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Daycare for infants is expensive across the country, and California has one of the worst states for parents seeking care for a baby. Putting an infant in daycare in California costs $2,914 more than in-state tuition for four years of college, according to the Economic Policy Institute.

Paying north of $1,000 for daycare each month is an incredible burden, especially on single-parent families. The U.S. Department of Health and Human Services defines affordable childcare as costing no more than 10% of a family's income—by that definition, less than 29% of families in California can afford infant care. Some single parents spend half their income on day care. It is an incredible burden on working parents.

But that burden may soon get lighter. CBS Sacramento reports California may put between $25 and $35 million into child care programs to make day care more affordable for parents with kids under 3 years old.

Assembly Bill 452, introduced this week, could see $10 million dollars funneled into Early Head Start (which currently gets no money from the state but does get federal funding) and tens of millions more would be spent on childcare for kids under three.

The bill seeks to rectify a broken childcare system. Right now, only about 14% of eligible infants and toddlers are enrolled in subsidized programs in California, and in 2017, only 7% of eligible children younger than three years of age accessed Early Head Start.

An influx of between $25 to $35 million dollars could see more spaces open up for kids under three, as Bill 452, if passed, would see the creation of "grants to develop childcare facilities that serve children from birth to three years of age."

This piece of proposed legislation comes weeks after California's governor announced an ambitious plan for paid parental leave, and as another bill, AB 123, seeks to strengthen the state's pre-kindergarten program.

Right now, it is difficult for some working parents to make a life in California, but by investing in families, the state's lawmakers could change that and change California's future for the better.

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When a mama gets married, in most cases she wants her children to be part of her big day. Photographers are used to hearing bride-to-be moms request lots of pictures of their big day, but when wedding photographer Laura Schaefer of Fire and Gold Photography heard her client Dalton Mort planned to wear her 2-year-old daughter Ellora instead of a veil, she was thrilled.

A fellow mama who understands the benefits of baby-wearing, Schaefer was keen to capture the photos Mort requested. "When I asked Dalton about what some of her 'must get' shots would be for her wedding, she specifically asked for ones of her wearing Ellie, kneeling and praying in the church before the tabernacle," Schaefer tells Motherly.

She got those shots and so many more, and now Mort's toddler-wearing wedding day pics are going viral.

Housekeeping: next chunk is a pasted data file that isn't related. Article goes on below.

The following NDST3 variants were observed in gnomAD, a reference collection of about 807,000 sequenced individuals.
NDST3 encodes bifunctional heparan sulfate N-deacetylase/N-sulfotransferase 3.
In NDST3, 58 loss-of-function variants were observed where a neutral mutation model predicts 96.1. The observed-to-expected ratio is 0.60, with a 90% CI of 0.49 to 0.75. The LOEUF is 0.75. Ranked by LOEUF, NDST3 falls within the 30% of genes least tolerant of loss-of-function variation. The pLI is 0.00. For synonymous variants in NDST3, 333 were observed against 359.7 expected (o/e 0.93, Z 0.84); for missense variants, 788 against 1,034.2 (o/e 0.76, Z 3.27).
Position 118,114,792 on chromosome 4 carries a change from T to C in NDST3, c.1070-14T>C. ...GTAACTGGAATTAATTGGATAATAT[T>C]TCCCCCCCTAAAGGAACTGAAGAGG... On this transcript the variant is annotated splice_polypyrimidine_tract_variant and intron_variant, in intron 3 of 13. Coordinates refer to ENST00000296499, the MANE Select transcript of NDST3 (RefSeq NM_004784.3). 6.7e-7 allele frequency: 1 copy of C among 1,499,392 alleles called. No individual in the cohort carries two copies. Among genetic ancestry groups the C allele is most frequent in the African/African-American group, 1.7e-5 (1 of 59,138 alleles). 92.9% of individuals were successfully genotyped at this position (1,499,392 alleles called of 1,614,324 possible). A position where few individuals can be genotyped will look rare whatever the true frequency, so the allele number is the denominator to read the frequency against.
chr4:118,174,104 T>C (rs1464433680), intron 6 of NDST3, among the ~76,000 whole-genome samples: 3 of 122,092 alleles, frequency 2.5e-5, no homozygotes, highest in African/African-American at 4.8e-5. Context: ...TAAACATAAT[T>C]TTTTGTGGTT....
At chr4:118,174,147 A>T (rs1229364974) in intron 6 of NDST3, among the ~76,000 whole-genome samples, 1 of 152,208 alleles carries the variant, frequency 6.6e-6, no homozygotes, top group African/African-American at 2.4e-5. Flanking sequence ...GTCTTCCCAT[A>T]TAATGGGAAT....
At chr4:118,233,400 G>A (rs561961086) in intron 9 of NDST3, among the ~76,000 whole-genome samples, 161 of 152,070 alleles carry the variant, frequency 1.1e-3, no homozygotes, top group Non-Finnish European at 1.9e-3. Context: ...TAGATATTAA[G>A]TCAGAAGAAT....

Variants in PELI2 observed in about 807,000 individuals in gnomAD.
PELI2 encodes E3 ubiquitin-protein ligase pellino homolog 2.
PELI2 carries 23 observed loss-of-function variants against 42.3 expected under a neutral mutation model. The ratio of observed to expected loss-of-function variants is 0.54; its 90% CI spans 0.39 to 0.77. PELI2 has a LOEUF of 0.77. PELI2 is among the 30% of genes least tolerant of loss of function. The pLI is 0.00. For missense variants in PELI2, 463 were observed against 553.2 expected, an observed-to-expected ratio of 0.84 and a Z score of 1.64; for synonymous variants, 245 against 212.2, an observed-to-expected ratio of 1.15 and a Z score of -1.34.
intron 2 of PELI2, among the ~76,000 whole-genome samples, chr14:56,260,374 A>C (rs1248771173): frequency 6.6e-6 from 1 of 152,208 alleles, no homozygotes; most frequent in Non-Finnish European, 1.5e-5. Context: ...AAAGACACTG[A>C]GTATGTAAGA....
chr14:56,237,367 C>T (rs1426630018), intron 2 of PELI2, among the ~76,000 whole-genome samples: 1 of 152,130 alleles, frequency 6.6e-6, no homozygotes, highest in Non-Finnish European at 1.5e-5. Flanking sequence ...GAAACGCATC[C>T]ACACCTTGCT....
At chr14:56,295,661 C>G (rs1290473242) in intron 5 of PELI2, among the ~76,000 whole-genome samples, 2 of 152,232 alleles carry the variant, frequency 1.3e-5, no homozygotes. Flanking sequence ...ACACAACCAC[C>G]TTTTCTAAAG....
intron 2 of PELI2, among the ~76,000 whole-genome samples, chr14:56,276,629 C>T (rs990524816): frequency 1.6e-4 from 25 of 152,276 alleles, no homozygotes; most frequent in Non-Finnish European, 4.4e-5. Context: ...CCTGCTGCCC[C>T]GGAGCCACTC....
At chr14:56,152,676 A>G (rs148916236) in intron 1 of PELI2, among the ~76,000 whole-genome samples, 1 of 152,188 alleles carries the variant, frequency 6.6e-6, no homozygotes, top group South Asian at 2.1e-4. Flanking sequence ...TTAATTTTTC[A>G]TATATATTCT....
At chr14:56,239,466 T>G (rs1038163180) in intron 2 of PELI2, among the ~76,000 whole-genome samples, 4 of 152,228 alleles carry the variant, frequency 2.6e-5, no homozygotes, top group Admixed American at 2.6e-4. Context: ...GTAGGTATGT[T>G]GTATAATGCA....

"Dalton wore Ellie down the aisle and nursed her to sleep during the readings," Schaefer wrote on her blog, explaining that Ellie then slept through the whole wedding mass.

"As a fellow mother of an active toddler, this is a HUGE win! Dalton told me after that she was SO grateful that Ellie slept the whole time because she was able to focus and really pray through the Mass," Schaefer explains.

Dalton was able to concentrate on her wedding day because she made her baby girl a part of it (and that obviously tired Ellie right out).

Ellie was part of the commitment and family Dalton if forging with her husband, Jimmy Joe. "There is no better behaved toddler than a sleeping toddler, and she was still involved, even though I ended up unwrapping her to nurse her. I held her in my arms while my husband and I said our vows. It was really special for us," Dalton told POPSUGAR.

This is a wedding trend we are totally here for!

Congrats to Dalton and Jimmy Joe (and to Ellie)! 🎉

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The internet is freaking out about how Peppa Pig is changing the way toddlers speak, but parents don't need to be too worried.

As Romper first reported, plenty of American parents have noticed that preschoolers are picking up a bit of a British accent thanks to Peppa. Romper's Janet Manley calls it "the Peppa effect," noting that her daughter started calling her "Mummy" after an in-flight Peppa marathon.


Plenty of other parents report sharing Manley's experience, but the British accent is not likely to stick, experts say.

Toronto-based speech and language pathologist Melissa James says this isn't a new thing—kids have always been testing out the accents they hear on TV and in the real world, long before Peppa oinked her way into our Netflix queues.

"Kids have this amazing ability to pick up language," James told Global News. "Their brains are ripe for the learning of language and it's a special window of opportunity that adults don't possess."

Global News reports that back in the day there were concerns about Dora The Explorer potentially teaching kids Spanish words before the kids had learned the English counterparts, and over in the U.K., parents have noticed British babies picking up American accents from TV, too.

But it's not a bad thing, James explains. When an American adult hears "Mummy" their brain translates it to "Mommy," but little kids don't yet make as concrete a connection. "When a child, two, three or four, is watching a show with a British accent and hears [words] for the first time, they are mapping out the speech and sound for that word in the British way."

So if your baby is oinking at you, calling you "Mummy" or testing out a new pronunciation of "toh-mah-toe," know that this is totally natural, and they're not going to end up with a life-long British pig accent.

As Dr, Susannah Levi, associate professor of communicative sciences and disorders at New York University, tells The Guardian, "it's really unlikely that they'd be acquiring an entire second dialect from just watching a TV show."

It sure is cute though.